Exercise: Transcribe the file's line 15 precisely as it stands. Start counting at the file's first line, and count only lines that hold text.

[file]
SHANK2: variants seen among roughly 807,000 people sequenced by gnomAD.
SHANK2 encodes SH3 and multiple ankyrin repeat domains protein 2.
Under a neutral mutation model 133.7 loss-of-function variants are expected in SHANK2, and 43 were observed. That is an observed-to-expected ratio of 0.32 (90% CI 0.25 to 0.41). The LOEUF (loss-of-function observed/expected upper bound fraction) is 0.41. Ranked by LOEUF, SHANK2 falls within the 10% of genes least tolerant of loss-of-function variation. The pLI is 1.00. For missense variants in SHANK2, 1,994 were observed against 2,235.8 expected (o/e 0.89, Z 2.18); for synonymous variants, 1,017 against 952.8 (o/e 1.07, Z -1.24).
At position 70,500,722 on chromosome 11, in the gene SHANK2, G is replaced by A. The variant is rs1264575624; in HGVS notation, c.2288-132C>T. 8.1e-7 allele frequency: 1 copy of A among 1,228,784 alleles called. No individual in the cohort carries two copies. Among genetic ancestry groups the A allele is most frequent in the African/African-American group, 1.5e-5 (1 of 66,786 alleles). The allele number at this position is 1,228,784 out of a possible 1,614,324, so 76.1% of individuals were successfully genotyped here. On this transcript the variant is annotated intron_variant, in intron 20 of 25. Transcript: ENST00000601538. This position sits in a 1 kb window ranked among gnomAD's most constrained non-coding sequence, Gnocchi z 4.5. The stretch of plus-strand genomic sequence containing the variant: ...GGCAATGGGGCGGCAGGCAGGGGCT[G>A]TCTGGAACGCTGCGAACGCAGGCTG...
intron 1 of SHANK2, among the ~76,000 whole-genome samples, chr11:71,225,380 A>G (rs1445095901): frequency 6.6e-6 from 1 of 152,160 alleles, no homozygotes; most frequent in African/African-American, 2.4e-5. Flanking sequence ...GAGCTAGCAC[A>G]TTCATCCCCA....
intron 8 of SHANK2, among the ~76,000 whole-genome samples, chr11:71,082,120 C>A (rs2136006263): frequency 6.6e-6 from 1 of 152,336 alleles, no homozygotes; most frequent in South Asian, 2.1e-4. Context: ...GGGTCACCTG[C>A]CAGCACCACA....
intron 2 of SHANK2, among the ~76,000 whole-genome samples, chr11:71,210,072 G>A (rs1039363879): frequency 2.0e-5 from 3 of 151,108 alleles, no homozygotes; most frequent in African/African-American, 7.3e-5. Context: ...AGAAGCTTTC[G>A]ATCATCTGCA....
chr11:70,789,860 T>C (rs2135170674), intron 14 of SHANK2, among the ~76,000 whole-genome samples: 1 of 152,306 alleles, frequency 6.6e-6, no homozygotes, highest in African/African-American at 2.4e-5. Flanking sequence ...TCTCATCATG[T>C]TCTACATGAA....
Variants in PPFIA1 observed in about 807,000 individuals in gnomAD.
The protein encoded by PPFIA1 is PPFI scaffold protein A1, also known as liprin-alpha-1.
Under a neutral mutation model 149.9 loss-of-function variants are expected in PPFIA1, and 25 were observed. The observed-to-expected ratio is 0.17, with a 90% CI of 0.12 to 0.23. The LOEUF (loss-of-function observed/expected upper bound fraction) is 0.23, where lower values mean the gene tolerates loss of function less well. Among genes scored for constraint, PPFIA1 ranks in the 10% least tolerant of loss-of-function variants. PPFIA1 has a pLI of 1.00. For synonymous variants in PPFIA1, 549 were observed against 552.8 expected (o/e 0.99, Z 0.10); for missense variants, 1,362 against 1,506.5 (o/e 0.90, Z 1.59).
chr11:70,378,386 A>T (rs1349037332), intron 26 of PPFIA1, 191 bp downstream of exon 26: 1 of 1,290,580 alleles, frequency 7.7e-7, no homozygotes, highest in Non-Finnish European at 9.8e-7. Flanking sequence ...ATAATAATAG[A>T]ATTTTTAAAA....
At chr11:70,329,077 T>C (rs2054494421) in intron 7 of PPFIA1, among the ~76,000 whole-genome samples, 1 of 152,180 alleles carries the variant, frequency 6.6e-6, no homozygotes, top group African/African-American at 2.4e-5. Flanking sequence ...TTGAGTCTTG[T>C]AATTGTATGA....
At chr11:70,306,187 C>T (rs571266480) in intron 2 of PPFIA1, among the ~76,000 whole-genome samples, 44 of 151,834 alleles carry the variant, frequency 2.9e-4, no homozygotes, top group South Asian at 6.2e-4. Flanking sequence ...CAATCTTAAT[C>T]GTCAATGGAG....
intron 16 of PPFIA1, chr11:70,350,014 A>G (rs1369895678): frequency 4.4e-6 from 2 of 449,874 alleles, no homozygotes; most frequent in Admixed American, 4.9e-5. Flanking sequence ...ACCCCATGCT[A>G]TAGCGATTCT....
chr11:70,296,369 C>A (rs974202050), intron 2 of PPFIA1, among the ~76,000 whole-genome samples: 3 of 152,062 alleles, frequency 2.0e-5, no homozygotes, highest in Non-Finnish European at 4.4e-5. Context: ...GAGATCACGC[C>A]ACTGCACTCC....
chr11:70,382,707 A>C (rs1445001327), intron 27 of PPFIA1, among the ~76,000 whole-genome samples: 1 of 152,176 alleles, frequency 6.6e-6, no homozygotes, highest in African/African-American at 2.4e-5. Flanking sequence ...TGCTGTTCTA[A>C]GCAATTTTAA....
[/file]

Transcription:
intron 16 of PPFIA1, chr11:70,350,014 A>G (rs1369895678): frequency 4.4e-6 from 2 of 449,874 alleles, no homozygotes; most frequent in Admixed American, 4.9e-5. Flanking sequence ...ACCCCATGCT[A>G]TAGCGATTCT....